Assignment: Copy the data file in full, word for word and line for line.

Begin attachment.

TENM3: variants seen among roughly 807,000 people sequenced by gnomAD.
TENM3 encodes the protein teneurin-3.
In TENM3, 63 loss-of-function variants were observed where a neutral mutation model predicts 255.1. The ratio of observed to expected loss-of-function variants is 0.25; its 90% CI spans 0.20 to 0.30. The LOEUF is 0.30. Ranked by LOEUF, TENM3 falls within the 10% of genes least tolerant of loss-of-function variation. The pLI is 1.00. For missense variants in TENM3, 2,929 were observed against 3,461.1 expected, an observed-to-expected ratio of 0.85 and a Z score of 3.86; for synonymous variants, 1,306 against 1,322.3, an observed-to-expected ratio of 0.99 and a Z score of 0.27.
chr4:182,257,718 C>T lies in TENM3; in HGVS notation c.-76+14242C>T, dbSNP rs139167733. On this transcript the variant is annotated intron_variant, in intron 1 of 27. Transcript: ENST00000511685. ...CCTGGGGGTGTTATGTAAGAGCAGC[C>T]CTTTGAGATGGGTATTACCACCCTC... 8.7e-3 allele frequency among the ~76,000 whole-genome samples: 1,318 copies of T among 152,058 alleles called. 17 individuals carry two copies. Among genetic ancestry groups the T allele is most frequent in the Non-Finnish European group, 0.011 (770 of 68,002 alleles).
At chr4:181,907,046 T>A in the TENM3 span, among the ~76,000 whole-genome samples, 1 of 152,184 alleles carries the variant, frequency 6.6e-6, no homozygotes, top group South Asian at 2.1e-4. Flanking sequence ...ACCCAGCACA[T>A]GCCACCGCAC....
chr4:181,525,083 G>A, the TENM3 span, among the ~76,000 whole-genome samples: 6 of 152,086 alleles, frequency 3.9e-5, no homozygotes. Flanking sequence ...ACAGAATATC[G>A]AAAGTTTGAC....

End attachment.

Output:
TENM3: variants seen among roughly 807,000 people sequenced by gnomAD.
TENM3 encodes the protein teneurin-3.
In TENM3, 63 loss-of-function variants were observed where a neutral mutation model predicts 255.1. The ratio of observed to expected loss-of-function variants is 0.25; its 90% CI spans 0.20 to 0.30. The LOEUF is 0.30. Ranked by LOEUF, TENM3 falls within the 10% of genes least tolerant of loss-of-function variation. The pLI is 1.00. For missense variants in TENM3, 2,929 were observed against 3,461.1 expected, an observed-to-expected ratio of 0.85 and a Z score of 3.86; for synonymous variants, 1,306 against 1,322.3, an observed-to-expected ratio of 0.99 and a Z score of 0.27.
chr4:182,257,718 C>T lies in TENM3; in HGVS notation c.-76+14242C>T, dbSNP rs139167733. On this transcript the variant is annotated intron_variant, in intron 1 of 27. Transcript: ENST00000511685. ...CCTGGGGGTGTTATGTAAGAGCAGC[C>T]CTTTGAGATGGGTATTACCACCCTC... 8.7e-3 allele frequency among the ~76,000 whole-genome samples: 1,318 copies of T among 152,058 alleles called. 17 individuals carry two copies. Among genetic ancestry groups the T allele is most frequent in the Non-Finnish European group, 0.011 (770 of 68,002 alleles).
At chr4:181,907,046 T>A in the TENM3 span, among the ~76,000 whole-genome samples, 1 of 152,184 alleles carries the variant, frequency 6.6e-6, no homozygotes, top group South Asian at 2.1e-4. Flanking sequence ...ACCCAGCACA[T>A]GCCACCGCAC....
chr4:181,525,083 G>A, the TENM3 span, among the ~76,000 whole-genome samples: 6 of 152,086 alleles, frequency 3.9e-5, no homozygotes. Flanking sequence ...ACAGAATATC[G>A]AAAGTTTGAC....